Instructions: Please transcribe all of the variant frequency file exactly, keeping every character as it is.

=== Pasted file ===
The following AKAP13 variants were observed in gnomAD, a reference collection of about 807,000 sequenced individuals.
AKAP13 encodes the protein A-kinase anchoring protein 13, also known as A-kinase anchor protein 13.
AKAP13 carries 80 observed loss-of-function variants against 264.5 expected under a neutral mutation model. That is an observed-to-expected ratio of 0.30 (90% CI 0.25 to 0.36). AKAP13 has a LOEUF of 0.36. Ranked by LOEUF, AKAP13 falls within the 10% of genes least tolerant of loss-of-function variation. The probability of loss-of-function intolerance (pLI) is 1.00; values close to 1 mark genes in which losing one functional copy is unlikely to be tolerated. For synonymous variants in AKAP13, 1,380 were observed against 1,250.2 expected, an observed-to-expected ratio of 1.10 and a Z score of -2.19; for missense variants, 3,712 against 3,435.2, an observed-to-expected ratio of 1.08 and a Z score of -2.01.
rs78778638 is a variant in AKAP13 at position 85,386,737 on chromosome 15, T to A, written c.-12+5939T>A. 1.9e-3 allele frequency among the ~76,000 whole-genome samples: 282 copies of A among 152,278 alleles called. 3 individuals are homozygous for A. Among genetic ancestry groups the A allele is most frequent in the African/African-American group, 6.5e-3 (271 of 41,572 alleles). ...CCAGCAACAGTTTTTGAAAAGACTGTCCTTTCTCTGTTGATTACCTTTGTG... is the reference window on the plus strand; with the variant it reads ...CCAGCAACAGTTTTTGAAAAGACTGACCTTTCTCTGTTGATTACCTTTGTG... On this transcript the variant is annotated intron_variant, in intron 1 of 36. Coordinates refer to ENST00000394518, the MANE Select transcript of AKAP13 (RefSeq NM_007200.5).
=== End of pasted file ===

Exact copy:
The following AKAP13 variants were observed in gnomAD, a reference collection of about 807,000 sequenced individuals.
AKAP13 encodes the protein A-kinase anchoring protein 13, also known as A-kinase anchor protein 13.
AKAP13 carries 80 observed loss-of-function variants against 264.5 expected under a neutral mutation model. That is an observed-to-expected ratio of 0.30 (90% CI 0.25 to 0.36). AKAP13 has a LOEUF of 0.36. Ranked by LOEUF, AKAP13 falls within the 10% of genes least tolerant of loss-of-function variation. The probability of loss-of-function intolerance (pLI) is 1.00; values close to 1 mark genes in which losing one functional copy is unlikely to be tolerated. For synonymous variants in AKAP13, 1,380 were observed against 1,250.2 expected, an observed-to-expected ratio of 1.10 and a Z score of -2.19; for missense variants, 3,712 against 3,435.2, an observed-to-expected ratio of 1.08 and a Z score of -2.01.
rs78778638 is a variant in AKAP13 at position 85,386,737 on chromosome 15, T to A, written c.-12+5939T>A. 1.9e-3 allele frequency among the ~76,000 whole-genome samples: 282 copies of A among 152,278 alleles called. 3 individuals are homozygous for A. Among genetic ancestry groups the A allele is most frequent in the African/African-American group, 6.5e-3 (271 of 41,572 alleles). ...CCAGCAACAGTTTTTGAAAAGACTGTCCTTTCTCTGTTGATTACCTTTGTG... is the reference window on the plus strand; with the variant it reads ...CCAGCAACAGTTTTTGAAAAGACTGACCTTTCTCTGTTGATTACCTTTGTG... On this transcript the variant is annotated intron_variant, in intron 1 of 36. Coordinates refer to ENST00000394518, the MANE Select transcript of AKAP13 (RefSeq NM_007200.5).